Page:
Coach's Corner

A selection from frequently–asked questions

Dear Coach,

I’ve got a rough diamond on my team. She’s outstanding at her job, a great contributor and her customers seem to love her. My problem is that she has little regard for how she appears to others; she has low social sensitivity, addresses people inappropriately, makes outlandish statements, and her reports, letters and emails are atrocious in terms of grammar and spelling. Her sense of humour is all that saves her from real embarrassment in our management meetings. I believe she sees herself as a ‘real’ person.

She is ambitious but this is limiting her progress. I don’t know if I should address this with her or how to tell her the facts without risking alienation. Do you have any advice?

Response:

There are actually several issues here and I’d like to deal with some general aspects before I comment on the precise issue you’ve raised.

One general question is at what point should you speak up? How pressing does the matter have to be before you feel the need to take action?

An individual’s style in relationships, communication, collaboration, conformance and similar can appear to be simply a matter of personal choice and preference. When it begins to affect others, preoccupying their thoughts and actions and influencing their responses however, it becomes an issue of general concern.

Sometimes, time and exposure are sufficient to alert individuals to the fact that their style is causing ‘noise’ as opposed to ‘signal’ in their relationships. For most people this may take a few weeks or months as they adapt themselves within a new or changing culture; there are some though who seem to be continuously oblivious to the impact of their chosen style; they’re out-of-synch with others but don’t recognize this.

When those impacted begin to express their feelings openly, it has become a definite distraction. It also has greater consequences as there’s now an adverse impact on the individual’s reputation and prospects.  There’s no question about addressing the issue with her, and the time is now!

A second general aspect is how serious or significant does the matter need to be before it limits a person’s contribution and value to the organization. Clearly, if it directly affects the value delivered to customers, the image of the organization within the industry or community, or confidence among colleagues, it is serious.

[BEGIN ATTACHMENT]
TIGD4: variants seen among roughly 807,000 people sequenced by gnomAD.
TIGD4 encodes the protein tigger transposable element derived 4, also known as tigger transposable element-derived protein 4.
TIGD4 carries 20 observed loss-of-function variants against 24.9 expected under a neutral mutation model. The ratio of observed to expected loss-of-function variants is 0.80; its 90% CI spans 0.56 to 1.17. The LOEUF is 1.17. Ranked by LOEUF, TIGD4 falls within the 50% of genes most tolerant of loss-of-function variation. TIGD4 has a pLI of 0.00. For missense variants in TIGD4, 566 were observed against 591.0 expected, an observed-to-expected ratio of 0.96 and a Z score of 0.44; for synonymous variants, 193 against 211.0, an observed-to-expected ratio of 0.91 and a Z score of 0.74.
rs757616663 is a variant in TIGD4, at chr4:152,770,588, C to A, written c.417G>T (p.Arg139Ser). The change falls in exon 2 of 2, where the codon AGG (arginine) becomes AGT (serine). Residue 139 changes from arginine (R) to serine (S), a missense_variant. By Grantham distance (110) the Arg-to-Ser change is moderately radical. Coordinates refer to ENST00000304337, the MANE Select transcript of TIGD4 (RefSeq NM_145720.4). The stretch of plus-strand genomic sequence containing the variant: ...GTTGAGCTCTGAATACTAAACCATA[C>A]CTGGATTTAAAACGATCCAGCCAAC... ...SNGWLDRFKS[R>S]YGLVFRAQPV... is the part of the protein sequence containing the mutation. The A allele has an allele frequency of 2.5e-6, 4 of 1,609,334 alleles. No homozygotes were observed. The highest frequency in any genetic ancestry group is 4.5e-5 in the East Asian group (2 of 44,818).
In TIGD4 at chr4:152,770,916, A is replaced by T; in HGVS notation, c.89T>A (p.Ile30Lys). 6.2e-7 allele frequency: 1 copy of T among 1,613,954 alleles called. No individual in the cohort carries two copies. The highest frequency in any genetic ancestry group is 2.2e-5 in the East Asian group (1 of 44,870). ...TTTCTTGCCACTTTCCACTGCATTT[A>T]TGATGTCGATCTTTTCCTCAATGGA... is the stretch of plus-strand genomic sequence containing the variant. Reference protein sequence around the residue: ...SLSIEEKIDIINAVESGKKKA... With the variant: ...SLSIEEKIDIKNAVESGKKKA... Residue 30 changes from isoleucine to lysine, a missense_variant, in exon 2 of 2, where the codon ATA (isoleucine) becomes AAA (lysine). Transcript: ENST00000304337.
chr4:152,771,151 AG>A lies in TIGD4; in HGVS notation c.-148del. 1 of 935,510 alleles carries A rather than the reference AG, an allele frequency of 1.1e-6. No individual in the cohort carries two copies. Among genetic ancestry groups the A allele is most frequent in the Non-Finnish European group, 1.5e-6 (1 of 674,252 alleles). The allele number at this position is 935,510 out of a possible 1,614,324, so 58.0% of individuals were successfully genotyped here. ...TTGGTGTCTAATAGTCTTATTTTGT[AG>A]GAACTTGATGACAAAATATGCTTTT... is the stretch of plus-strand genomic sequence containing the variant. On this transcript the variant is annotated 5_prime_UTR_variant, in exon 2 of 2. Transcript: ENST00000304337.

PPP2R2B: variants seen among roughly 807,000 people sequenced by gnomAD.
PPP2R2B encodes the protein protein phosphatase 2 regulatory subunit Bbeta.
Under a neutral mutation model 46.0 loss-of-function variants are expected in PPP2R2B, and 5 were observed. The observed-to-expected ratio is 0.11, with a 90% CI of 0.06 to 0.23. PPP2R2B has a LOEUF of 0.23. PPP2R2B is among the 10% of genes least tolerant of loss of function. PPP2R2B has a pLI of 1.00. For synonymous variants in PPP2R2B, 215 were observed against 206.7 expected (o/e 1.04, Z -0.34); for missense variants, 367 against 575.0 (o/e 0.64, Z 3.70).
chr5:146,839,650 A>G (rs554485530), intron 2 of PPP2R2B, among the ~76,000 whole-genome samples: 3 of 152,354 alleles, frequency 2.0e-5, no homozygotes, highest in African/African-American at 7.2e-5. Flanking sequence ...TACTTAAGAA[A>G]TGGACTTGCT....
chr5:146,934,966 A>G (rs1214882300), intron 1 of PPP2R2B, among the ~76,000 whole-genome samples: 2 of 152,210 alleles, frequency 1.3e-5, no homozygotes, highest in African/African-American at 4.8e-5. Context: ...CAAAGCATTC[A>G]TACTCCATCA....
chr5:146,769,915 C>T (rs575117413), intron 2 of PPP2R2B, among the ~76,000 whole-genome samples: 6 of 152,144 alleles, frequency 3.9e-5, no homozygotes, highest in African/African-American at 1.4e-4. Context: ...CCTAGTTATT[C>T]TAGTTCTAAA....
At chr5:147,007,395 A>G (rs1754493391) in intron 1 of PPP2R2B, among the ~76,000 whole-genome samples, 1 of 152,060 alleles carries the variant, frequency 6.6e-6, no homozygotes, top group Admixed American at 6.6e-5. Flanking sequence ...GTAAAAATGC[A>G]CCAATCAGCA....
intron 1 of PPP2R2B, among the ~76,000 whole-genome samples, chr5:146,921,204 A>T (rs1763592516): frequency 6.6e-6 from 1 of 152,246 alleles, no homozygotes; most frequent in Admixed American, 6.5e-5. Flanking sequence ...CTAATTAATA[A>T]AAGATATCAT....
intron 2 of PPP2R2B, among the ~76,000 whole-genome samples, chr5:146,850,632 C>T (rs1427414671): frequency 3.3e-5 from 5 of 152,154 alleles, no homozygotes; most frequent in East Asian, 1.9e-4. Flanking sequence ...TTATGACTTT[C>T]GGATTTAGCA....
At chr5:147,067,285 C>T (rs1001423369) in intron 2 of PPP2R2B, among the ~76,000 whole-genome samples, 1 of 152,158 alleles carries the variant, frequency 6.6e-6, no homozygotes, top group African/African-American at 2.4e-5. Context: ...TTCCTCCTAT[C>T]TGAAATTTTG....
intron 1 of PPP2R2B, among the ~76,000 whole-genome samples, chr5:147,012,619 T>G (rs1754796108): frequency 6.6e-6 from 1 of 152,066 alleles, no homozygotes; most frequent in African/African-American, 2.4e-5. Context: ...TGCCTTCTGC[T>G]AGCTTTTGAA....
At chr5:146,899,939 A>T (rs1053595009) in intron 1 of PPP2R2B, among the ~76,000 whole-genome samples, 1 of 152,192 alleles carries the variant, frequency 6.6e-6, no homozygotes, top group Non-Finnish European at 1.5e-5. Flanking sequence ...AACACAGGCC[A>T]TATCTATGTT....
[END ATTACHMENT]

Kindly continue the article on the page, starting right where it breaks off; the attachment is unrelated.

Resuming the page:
Part of every organization’s culture is a ‘public profile’ – how we want to be recognized in our various communities and for some organizations this is simply a non-negotiable issue. For these organizations, where the organizational culture is strong and well defined, non-conformance moves to a critical point quickly; in looser cultures though it can be extended and ambiguous.

On a more personal level, if the behaviour is limiting or restricting potential and developmental opportunities, it is also critically important; it has to be resolved for everyone’s benefit. As her manager, your obligation is to help her to develop to her fullest potential and to enhance her value to the organization.

So, let’s get to your particular challenge – how to influence her behaviour without risking alienation. You have already adopted a good starting position in deciding to ‘tell her the facts’ rather than attempting to coerce her in other ways. However, there are some things you need to attend to first.

Job one is to be absolutely clear on what it is you want to achieve. Do you want her to conform to some external standard or would you be content for her to smooth over the rougher spots? It’s likely that you have attained a high level of competence but is it really necessary that she emulate you? Would it be acceptable were she simply to make a genuine effort to refine her work-related behaviour?

Next, you have to establish safe conditions in order to have a useful conversation and an essential question here, since you are her supervisor, is how the intervention might relate to formal performance evaluation. It should be a separate issue in that your intention is developmental and not directly related to her contribution (which you’ve stated is ‘outstanding’). This is also a personal style issue so her privacy should be assured.

Your strategy is based on coaching – where your intention is to assist her to think about things differently in order to increase her effectiveness. The approach should, therefore, include a measure of gap analysis – where do we want to be versus where are we right now?  You could use questions of consequence – (what do you think others might feel when you . . . ; how do you think others will respond if . . .) to encourage her to process causes and effects / impacts and to examine possible consequences in her own mind.

Your role is to guide this process, not to design or control it. All the valuable thinking has to occur within her head and your job is to help her find her way to new perspectives (the way she frames events) and the related perceptions (the values that she ascribes to those events). When she sees the world differently she will change her own behavioural responses to what is happening.

You must avoid the roles of ‘shrink’, teacher, judge and parent particularly; these are the causes of possible alienation. She will form a plan of action, given your guidance and encouragement, and it will be her plan to implement and sustain.

Do whatever you need to do to ensure her success but be patient in your approach. Show your interest and support by being there when she needs you but don’t take or accept responsibility for any part of the plan – it has to be hers alone.

I hope this helps.